Before that cynical effort, in the late eighties, there was a smaller commercial/cultural bloom for Chicanos with the film La Bamba (Which crossed the border into Mexico: I recall the title song blaring from cars in San Felipe, Baja that boozy summer.) Indeed, you can trace the Chicano cultural/commercial narrative's failing optimism arc across the peaks that are movie releases, rising with La Bamba and Stand and Deliver (1987, 1988)--the latter a sort of companion piece to Morgan Freeman's 1989 black uplift film Lean on Me--; optimistic, ultimately patriotic stories about Mexican Americans making the American Immigrant Journey, with Southern California standing in for New York and Ellis Island; and falling with Machete (2010) which I haven't seen, but will safely assume is neither optimistic or implicitly patriotic. And we won't see optimism again.

Of course in those same late eighties was born gangsta rap and the same hardening of black and brown attitudes that wasn't going unnoticed entirely--1988's Colors about black and Mexican gangs fighting in LA was sufficiently pessimistic, but, like those success-story films document the last, best effort to write a wholesome narrative of upward mobility for black and brown, documents the coming phase that would replace it, as one of the last films to allow a franker, non-self conscious white perspective on the problem of race.

It's hard to imagine such as Dennis Hopper's film, told from the point of view of two white cops, both admirable, being made now without being hobbled by critical race theory chains. My favorite moment from the film wouldn't occur to a filmmaker today--the two white cops are sitting in the back of a black community meeting between an earnest ex-gangbanger/social worker and residents. As the meeting breaks down in the predictable cycle of threats and recriminations (much milder of course than what we would expect today, notably), the scene ends with the two white cops breaking into grins at the predictable black hijinks:



Black and brown attitudes were hardening under cultural happy talk and the oblivious machinations of American commerce as the nineties came along, shocking complacent whites when exploding into our consciousness with the Rodney King riot. People forget that after the initial explosion of the first day, the riot was dominated by Mestizo Angelenos looting the retail stock of south central LA and beyond side-by-side with blacks who had been attacking them on the streets the day before. But the shock, to whites--at least in my experience and forgotten now like our shock at the maliciousness of LA's blacks--was at the mendacity of the Mexicans, so many of whom had to be legal and illegal immigrants. People were showing their true colors; that of blacks, terrifying, of browns, tawdry. Of course we never spoke of it because we'd already been relieved of our point of view; pre civil rights the news reports would have taken for granted their point of view was white American. There was at least some implicit recognition of a valid white American point of view left when the Rodney King riot started (and may have been killed off by it). Now that much isn't possible of course, and is keenly watched for by the narrative police.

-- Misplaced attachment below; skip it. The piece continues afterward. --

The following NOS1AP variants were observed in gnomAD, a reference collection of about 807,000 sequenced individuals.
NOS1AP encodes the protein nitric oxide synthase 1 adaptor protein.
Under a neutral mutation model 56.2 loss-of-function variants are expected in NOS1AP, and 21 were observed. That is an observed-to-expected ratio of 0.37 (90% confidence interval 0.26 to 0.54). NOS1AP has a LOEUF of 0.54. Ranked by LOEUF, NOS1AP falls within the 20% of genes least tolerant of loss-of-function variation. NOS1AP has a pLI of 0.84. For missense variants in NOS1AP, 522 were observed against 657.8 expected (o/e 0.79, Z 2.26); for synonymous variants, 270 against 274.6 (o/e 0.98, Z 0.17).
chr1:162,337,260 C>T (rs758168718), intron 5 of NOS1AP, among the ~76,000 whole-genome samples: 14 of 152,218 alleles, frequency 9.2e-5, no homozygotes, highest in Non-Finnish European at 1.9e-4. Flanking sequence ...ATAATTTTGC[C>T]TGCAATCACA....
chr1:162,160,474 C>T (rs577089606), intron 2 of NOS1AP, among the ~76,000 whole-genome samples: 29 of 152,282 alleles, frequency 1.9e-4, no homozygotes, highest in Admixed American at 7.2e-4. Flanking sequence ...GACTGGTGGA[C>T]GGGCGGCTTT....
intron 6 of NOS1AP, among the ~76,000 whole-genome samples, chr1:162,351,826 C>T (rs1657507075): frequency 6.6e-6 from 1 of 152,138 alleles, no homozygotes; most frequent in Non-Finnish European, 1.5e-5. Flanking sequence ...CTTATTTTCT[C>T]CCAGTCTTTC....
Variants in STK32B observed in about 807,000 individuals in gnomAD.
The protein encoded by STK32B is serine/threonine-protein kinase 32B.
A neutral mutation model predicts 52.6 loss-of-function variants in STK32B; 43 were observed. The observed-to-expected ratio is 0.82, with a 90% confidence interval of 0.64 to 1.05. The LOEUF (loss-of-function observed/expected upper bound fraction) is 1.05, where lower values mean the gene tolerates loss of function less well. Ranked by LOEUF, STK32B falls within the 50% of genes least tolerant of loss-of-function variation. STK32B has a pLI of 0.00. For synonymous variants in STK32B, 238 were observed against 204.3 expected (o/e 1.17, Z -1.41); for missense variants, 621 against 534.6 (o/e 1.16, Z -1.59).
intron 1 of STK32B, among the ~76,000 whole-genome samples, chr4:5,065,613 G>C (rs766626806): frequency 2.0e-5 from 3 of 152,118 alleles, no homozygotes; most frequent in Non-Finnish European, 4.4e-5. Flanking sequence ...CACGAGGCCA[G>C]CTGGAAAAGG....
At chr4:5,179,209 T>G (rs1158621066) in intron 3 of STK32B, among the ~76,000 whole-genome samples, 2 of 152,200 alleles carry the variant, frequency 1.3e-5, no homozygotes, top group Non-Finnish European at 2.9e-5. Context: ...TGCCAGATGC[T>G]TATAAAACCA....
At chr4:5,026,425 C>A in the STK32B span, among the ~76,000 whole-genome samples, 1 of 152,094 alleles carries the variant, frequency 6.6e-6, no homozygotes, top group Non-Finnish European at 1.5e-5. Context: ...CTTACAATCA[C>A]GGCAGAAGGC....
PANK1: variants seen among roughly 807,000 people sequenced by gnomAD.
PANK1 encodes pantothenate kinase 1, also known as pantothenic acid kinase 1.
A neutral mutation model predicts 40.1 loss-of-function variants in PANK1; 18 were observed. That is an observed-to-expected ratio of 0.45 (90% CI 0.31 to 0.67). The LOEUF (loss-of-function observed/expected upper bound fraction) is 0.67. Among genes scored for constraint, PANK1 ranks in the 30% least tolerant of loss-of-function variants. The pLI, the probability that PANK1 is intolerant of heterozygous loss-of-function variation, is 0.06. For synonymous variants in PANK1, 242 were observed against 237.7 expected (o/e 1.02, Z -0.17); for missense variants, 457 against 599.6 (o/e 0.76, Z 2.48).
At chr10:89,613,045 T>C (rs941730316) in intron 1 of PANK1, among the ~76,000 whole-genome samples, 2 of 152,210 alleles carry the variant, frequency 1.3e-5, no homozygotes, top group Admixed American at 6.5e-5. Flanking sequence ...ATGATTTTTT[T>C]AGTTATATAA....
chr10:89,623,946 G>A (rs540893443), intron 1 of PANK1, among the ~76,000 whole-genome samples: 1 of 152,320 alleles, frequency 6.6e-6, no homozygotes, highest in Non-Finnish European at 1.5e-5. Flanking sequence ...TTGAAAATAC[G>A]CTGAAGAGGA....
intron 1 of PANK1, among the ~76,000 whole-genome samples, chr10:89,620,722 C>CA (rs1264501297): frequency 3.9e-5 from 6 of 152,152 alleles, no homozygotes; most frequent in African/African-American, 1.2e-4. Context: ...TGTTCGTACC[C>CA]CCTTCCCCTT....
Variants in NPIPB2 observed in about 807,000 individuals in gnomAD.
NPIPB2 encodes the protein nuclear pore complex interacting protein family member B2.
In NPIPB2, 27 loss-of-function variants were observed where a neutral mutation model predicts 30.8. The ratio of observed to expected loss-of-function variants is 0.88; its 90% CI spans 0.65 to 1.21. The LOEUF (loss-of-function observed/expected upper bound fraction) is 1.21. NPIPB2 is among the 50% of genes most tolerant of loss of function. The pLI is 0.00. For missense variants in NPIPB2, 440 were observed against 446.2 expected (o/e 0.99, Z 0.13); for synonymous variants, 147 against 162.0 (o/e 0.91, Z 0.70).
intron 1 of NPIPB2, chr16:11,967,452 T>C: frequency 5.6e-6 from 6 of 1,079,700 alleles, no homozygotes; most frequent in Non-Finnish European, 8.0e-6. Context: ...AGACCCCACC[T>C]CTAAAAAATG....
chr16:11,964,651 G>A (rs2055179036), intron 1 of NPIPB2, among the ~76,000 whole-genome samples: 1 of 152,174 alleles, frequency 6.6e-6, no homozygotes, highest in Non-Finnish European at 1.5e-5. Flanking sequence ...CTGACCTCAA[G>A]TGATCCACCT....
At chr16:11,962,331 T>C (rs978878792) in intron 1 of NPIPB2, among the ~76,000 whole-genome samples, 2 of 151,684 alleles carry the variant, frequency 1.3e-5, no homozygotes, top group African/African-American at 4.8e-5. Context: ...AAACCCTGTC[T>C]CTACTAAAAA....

But there's a lot of ruin in a degrading right to speak freely. It's taken us a while to get from the enforced politeness of Seventies television, exemplified for me by the Norman Lear sitcom, to the grim self-abasement of the present.
 Of course it isn't that there's no "freedom of speech" regarding race--now non-whites are encouraged to outdo one another speaking their minds, such as they are, about race. It's really a question of point of view--who's allowed their own point of view, who isn't. Another way of saying whites aren't allowed an identity in identity politics is that whites aren't allowed an explicit point of view.

Leftists' struggle with "intersectionality" is largely trying to order the hierarchy of point of view in their growing production. Ideally, the order the Left would will places Whites at the center of a sort of reverse panopticon, surrounding by the interrogating, relentless gaze of immobilizing points of view. But the various mobs they employ just can't help themselves in hating each other.

Anyway, I was surprised at the relatively late date of this video I came upon of Michael Richards apologizing for having called an obnoxious heckler the Dread Word in 2006:



It's as if you can see here the precise moment white people were no longer permitted to laugh about race, as the audience assumes a gag is in play and Seinfeld, worried for his friend, has to chide them to stop laughing. Richards nearly panics (ironically, the comedian panics at the sound of laughter), seeing the hole he's in about to be filled up with dirt, and compensates, perhaps, for it by prostrating himself with the sort of manic effusion so common now, where an artful enough apology draws its own reviews--Jonah Hill's successful abjection (2014, "faggot", paparazzi) got raves, sagging Johnny Depp's offering out of Australia (albeit for dog-smuggling, not hate speech) this year was a mini-flop in the series of flops he's enduring.

Richards might have been trying to lift or even reference the Lenny Bruce routine from Bob Fosse's Lenny:



Imagine trying to pull that off today! If the blacks hadn't torn him to shreds the internets would the next day. And the hopeful "imagine" conclusion: if we just open up (our speech!) our troubles will go away! The "hip" and "controversial" Bruce had no clue! He was trafficking in kitsch the whole time! It's all so, what's the word...?

Losing the right and eventually the ability to laugh is tantamount to losing the right or ability to think clearly about something. Maybe that has something to do with the way that right to speak and ability to think about race, for whites, is being reclaimed on alt right Twitter, with joy and humor.